In 1997 I read Ron Sider's Rich Christians in an Age of Hunger, and my life has never been the same since. That book put words to thoughts and ideas and feelings I had been struggling with as a Christ-follower for several years. It ignited a passion that inspired me to be a voice for the poor and marginalized within Evangelical circles and ultimately led to the founding of Community 4:12.
I can't help but wonder if I will look back on 2012 and the reading of Paul Tough's book How Children Succeed in the same way. My work with under-resourced communities has forced me to care about education, and the glaring inequities between low and high income school districts. As I have watched my husband and many others teach for years in one of those lower income school districts, I have seen the frustration that comes from pouring everything you have into helping children learn, only to be told that your students and your school is not making "adequate yearly progress." The educational reform movement fueled by No Child Left Behind insists that with high quality teachers any student can learn and excel on achievement tests. From my perspective, as a non-educator, the result of that has been a lot of discouraged, disempowered teachers and not a lot of progress on improving student achievement. I have felt in my gut for years that we cannot measure a teacher or a student's success based solely on academic achievement as determined by standardized tests.
And Tough's research and resulting book confirm that. A child's success in school, college, and life is better predicted by certain character traits (such as grit, perseverence, curiosity, optimism, self-control) than by scores on achievement tests. And the research also shows that those character traits, or life-skills, can in fact be taught. So, why is that not the foundation of educational reform in our country? Do we really only care about getting kids through school with a certain academic proficiency, or do we care about creating a generation of kids--rich and poor--who go on to succeed in life?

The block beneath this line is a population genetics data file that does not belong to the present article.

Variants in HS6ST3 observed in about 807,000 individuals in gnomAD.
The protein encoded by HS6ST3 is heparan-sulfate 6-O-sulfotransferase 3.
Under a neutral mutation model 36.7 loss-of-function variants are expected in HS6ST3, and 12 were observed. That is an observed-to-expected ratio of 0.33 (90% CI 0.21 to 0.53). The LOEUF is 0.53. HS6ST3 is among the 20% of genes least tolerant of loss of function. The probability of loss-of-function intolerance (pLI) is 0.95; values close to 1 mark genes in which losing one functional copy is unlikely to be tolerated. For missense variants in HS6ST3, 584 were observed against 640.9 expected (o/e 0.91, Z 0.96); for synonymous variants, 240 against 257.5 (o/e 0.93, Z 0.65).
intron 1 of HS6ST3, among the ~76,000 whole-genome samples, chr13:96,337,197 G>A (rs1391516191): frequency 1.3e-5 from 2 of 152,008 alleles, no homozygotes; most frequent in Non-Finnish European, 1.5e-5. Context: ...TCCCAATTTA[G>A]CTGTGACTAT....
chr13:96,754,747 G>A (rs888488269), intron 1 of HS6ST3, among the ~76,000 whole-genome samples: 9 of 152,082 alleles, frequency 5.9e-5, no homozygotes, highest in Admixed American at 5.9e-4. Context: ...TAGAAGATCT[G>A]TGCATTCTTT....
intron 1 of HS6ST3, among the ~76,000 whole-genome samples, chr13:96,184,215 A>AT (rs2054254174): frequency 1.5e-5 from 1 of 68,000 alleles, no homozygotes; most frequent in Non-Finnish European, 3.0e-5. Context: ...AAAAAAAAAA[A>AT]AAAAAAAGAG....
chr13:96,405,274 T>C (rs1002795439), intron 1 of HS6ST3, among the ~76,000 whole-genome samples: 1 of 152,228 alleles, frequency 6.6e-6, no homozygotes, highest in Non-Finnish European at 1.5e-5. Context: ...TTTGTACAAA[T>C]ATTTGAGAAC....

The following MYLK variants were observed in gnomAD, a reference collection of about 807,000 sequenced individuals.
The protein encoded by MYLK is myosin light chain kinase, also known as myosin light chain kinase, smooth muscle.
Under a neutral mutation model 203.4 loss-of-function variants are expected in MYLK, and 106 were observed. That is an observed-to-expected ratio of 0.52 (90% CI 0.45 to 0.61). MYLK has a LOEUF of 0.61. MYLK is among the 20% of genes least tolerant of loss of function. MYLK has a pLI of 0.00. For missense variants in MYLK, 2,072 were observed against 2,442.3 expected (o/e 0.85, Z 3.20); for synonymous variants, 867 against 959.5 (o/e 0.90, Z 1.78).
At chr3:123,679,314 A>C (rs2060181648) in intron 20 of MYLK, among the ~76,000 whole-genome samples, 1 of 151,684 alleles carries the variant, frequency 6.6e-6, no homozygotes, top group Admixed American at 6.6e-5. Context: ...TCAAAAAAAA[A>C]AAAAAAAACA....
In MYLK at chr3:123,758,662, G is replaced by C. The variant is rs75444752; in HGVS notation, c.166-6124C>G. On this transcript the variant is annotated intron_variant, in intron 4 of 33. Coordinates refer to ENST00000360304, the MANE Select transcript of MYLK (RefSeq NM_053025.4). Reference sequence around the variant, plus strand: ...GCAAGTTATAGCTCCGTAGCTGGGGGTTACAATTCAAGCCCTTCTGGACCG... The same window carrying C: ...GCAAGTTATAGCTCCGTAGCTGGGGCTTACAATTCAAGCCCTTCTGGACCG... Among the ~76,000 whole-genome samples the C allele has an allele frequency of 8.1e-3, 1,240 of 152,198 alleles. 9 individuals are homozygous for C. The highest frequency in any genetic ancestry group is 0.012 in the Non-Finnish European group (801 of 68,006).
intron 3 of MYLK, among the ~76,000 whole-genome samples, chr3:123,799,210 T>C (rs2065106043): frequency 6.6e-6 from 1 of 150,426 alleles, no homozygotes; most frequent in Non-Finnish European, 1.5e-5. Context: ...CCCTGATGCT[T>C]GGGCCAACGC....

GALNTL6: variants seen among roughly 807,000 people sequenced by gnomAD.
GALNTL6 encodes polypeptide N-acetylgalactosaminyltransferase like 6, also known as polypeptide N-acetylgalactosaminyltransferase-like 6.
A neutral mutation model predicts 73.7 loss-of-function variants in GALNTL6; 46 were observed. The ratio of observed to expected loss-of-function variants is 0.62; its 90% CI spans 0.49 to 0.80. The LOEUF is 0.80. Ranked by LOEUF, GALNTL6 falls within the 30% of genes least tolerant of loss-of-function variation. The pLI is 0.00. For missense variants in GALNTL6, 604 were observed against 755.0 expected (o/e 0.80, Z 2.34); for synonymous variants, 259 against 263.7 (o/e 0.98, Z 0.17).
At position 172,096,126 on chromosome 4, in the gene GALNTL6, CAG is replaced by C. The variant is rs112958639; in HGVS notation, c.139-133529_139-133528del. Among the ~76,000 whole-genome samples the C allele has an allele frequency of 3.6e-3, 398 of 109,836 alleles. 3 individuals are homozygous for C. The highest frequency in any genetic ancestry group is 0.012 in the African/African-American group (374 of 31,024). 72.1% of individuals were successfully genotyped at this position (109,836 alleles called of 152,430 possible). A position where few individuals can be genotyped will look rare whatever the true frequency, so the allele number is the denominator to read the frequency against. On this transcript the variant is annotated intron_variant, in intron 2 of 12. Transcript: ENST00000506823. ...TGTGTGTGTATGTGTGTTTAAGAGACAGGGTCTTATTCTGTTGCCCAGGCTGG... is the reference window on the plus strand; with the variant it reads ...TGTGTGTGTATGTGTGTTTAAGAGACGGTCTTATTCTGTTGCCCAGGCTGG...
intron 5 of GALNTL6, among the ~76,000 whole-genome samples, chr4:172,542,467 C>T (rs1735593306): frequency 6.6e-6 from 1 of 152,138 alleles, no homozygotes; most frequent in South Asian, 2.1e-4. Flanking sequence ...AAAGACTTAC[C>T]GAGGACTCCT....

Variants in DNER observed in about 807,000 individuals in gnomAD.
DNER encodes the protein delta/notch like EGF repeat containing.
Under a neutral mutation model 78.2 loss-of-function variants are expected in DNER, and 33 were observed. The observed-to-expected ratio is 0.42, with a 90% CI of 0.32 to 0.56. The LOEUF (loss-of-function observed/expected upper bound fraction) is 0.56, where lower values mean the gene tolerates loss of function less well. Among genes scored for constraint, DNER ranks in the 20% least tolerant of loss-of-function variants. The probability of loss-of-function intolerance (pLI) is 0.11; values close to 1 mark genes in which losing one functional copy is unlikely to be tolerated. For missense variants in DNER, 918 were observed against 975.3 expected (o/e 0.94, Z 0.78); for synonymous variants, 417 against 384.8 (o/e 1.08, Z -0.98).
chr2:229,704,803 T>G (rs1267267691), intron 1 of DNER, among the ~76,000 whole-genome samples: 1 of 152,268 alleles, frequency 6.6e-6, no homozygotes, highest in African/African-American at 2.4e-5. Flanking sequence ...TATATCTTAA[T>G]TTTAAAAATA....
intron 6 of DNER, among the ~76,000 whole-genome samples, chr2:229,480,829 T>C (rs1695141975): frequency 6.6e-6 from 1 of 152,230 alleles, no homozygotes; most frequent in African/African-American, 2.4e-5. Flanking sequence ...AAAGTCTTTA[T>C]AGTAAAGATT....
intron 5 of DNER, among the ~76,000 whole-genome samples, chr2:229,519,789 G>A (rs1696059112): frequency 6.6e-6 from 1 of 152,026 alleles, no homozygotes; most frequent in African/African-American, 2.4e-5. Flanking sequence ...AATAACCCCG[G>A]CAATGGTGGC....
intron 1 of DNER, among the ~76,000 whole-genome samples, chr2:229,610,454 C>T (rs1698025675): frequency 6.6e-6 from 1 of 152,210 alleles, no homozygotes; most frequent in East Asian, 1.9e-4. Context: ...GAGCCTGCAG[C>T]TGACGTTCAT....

As I launch my run for School Board for East Aurora District 131, I am beginning a new journey into the realm of advocacy and public policy. Will Tough's book provide me the inspiration and motivation to work again for something I have long believed in my gut to be true? Will I have the grit and perseverence and optimism to fight for the reform needed to set all children in East Aurora up to succeed--not just on achievement tests, but in life?
Many of the moms in my community feel like there is not much they can contribute in this foreign land that they now call home. As undocumented immigrants, they are ineligible to get a driver’s license or a job. As Spanish speakers with limited English and in many cases only an elementary level of education, they don’t believe they can even be of any help as a volunteer at their children’s schools.